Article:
By Emmanuel Braun and Paul-Marin Ngoupana BANGUI (Reuters) - France rushed troops to Central African Republic on Friday, its second major African intervention in a year, but clashes between Muslim and Christian militias continued unabated, spilling into widespread killings of civilians. "This horrific cycle of violence and retaliation must stop immediately," a United Nations spokesperson said, citing cases of rival Seleka and "anti-balaka" militias raiding homes and killing adults and children. "Civilians must be protected." The Red Cross said it had collected 281 bodies from two days of fighting in Bangui, but many more had been killed. In Paris, French President Francois Hollande told a meeting of African leaders that the CAR crisis proved the urgent need for the continent to create its own regional security force.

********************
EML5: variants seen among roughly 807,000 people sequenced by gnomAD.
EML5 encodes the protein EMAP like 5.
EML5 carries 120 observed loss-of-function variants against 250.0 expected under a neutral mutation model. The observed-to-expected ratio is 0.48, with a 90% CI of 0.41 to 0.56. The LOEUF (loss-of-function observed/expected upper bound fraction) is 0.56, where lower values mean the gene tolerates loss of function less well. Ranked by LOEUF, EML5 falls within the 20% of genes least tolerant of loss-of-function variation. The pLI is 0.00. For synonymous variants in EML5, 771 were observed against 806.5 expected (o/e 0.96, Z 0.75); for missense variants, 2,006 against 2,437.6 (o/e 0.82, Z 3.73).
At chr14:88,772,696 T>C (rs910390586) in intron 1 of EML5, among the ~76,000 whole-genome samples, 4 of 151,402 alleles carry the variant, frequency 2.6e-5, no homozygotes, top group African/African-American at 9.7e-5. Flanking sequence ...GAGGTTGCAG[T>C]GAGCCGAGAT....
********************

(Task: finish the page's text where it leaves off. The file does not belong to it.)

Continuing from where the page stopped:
JOHANNESBURG (AP) — South Africans erupted in song, dance and tears on Friday in public and emotional celebrations of the life of Nelson Mandela, the anti-apartheid leader who bridged this country's black-white divide and helped avert a race war.